Oh, you know, just one more end-of-the-year list to add to the bloggysphere. While Yentaland did not involve any freed Israeli soldiers or major disasters, there were a few milestones worth noting.
Here are the top stories of 2011 in my own head:
1. I Got A Job
After almost two years of bouncing around Savannah’s job market like a loud, Jewish, lopsided basketball, I lobbed into a position at Connect, the alternative news and arts weekly. As Community Editor and writer of The (Civil) Society Column, I have managed to endear and repel many readers already and look forward to a raucous 2012 of championing Savannah’s underdogs and pissing people off.
2. Dad’s Aneurysm
Oy, did Dr. Skip give us a scare at the end of August. When I wrote this next to his hospital bed, I thought we’d be lucky just have him pottering around the house again. Who knew he’d be driving, teaching and kvetching five months later like nothing ever happened?
3. I Turned 40
Yup, I’m officially an alterkocker. On Kol Nidre. I still want to party like I’m 20, but my hip feels 80.
El Yenta Man launched his own business this year on Bull Street, offering personal training, rehab and group fitness services, and I’ve barely seen him since! He’s glad to be his own boss and serving his clients in a clean, well-lighted space. His motto is “Life Takes Strength”—I also like to remind him that it also takes laundry.
5. I Am Going To Have A Sister-in-Law
Bro da Doc finally popped the question to his longtime lady friend this summer. In Paris. Under the Eiffel Tower. What can I say, when he goes, he goes big! He almost gave my mother an ulcer waiting to find a partner until his late 30s. The Yenta Family is so thrilled to have this lovely lady as part of the mishpocha.
6. Won Best Blogger…Again!
Thanks so much, y’all for voting me as Connect‘s Blogger of the Year for the second time! This was way before I worked there, btw. Would you do me the honor of helping me make it a trifecta come spring?
El Yenta Man’s grandmother, Florence Lebos, known as “GG” to her nine great-grandchildren exhaled her last breath in the presence of her entire family. She was 98. May we all live as long and lucky.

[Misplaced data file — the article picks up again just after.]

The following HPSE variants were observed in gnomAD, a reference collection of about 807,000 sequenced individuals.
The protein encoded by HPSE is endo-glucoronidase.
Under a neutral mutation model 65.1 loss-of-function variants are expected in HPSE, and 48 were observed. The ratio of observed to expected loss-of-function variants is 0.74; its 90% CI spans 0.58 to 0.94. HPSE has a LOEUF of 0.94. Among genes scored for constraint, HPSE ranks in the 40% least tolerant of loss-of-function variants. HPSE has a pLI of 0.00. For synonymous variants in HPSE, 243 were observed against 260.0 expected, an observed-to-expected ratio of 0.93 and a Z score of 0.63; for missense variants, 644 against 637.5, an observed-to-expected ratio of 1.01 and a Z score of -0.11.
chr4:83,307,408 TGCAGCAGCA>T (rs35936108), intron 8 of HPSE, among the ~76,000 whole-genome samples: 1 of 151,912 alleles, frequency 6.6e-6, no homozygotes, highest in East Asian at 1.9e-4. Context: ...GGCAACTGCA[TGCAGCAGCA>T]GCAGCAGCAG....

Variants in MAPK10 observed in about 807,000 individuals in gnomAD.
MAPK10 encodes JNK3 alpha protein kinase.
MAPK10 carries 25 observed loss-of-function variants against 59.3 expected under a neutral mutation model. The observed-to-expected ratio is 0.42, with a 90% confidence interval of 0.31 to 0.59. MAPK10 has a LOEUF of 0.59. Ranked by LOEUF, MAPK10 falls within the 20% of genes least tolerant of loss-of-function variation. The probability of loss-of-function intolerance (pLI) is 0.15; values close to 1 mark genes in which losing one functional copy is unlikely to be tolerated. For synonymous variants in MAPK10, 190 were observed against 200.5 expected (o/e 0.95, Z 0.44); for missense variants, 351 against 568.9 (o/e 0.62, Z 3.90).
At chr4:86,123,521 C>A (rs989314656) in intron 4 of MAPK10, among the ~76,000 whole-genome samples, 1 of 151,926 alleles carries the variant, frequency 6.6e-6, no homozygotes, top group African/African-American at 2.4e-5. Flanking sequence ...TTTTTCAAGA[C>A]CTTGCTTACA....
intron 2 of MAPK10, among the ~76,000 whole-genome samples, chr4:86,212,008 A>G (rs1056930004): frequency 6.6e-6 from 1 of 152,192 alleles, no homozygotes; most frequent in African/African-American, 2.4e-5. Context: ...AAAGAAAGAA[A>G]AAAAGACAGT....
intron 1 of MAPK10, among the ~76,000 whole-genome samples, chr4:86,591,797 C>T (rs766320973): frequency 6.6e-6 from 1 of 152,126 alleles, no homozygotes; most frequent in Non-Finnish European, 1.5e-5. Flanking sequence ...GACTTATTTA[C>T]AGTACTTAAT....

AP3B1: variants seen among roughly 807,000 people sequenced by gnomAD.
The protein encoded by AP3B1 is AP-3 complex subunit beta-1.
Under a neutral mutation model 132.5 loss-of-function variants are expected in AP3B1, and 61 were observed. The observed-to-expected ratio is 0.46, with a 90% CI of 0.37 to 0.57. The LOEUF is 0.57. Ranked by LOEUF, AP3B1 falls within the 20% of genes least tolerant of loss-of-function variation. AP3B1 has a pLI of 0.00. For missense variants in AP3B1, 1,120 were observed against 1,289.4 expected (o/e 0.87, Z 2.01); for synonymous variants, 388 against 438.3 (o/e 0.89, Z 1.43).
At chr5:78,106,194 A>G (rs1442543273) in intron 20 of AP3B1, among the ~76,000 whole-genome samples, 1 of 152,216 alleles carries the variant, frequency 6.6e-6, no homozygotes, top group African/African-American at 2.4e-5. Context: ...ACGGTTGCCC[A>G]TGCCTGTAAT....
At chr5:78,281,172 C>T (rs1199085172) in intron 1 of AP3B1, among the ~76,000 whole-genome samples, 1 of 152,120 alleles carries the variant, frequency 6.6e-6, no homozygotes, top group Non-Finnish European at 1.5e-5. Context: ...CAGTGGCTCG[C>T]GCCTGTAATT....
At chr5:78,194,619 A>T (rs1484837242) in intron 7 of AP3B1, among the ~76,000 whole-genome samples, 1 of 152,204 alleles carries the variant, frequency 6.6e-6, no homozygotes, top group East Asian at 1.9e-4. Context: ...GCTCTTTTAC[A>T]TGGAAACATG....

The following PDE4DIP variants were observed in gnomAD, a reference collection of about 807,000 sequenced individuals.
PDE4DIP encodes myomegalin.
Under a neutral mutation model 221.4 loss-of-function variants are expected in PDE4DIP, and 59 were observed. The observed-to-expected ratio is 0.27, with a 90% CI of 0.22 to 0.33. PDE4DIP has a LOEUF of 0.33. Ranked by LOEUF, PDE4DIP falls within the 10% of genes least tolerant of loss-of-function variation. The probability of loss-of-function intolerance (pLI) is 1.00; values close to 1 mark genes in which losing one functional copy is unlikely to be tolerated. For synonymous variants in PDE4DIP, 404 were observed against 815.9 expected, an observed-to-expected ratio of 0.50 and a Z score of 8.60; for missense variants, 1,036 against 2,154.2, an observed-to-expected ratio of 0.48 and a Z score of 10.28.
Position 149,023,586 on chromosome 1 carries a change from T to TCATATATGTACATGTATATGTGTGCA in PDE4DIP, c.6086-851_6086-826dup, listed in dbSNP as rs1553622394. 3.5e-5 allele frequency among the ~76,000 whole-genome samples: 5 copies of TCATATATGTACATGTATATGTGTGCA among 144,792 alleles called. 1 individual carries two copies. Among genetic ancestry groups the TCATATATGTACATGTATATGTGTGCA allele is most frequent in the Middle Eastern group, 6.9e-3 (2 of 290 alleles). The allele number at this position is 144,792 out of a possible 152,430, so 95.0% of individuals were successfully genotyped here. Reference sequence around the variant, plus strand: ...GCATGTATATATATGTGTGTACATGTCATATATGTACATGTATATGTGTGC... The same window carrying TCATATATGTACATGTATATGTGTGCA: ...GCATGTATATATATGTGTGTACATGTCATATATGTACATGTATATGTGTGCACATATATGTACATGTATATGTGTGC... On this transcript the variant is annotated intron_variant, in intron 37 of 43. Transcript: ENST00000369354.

8. Debbie Friedman and Amy Winehouse Sing With the Angels
These passing of these two muses held a personal grief for me. I only met Debbie once, but like her music, the warmth of her hand as she squeezed mine in greeting had a lasting effect on my soul; she was modern Judaism’s greatest liturgical influence. And, poor Amy. A voice like a celestial goddess, the habits of a teenage crack mom. May she rest in peace.
9. The Bell Tolled For No One
I checked an item of my bucket list this year when I climbed to the top of the (off-limits) bell tower in my synagogue. I found out that I am made of stronger stuff than I thought, and also that there’s no actual bell up there.
It got real, yo, when the WBC brought it’s hate-filled tour to Savannah—those people are so freakin’ crazy they don’t know what end is up! It was an honor to stand on the square with all the other Jews, queers and freaks as we drowned them out singing about love.
11. The End of Thursdays With Marcia
I spent almost every single Thursday lunch kibbitzing at the Senior Lunch at the JEA for five years. EYM and I would escort my mother-in-law when she was merely confused; eventually, we had to push her in her wheelchair and feed her. Finally, this spring, we decided it was best to keep her at home. She’s still with us, giving out a smile once in a while.
It’s been a blessing to look over those posts as we prepare for the last Shabbat of the year and our little shayna maidela’s eighth birthday. Here’s to a adventurous, prosperous, healthy and lovely 2012 to all!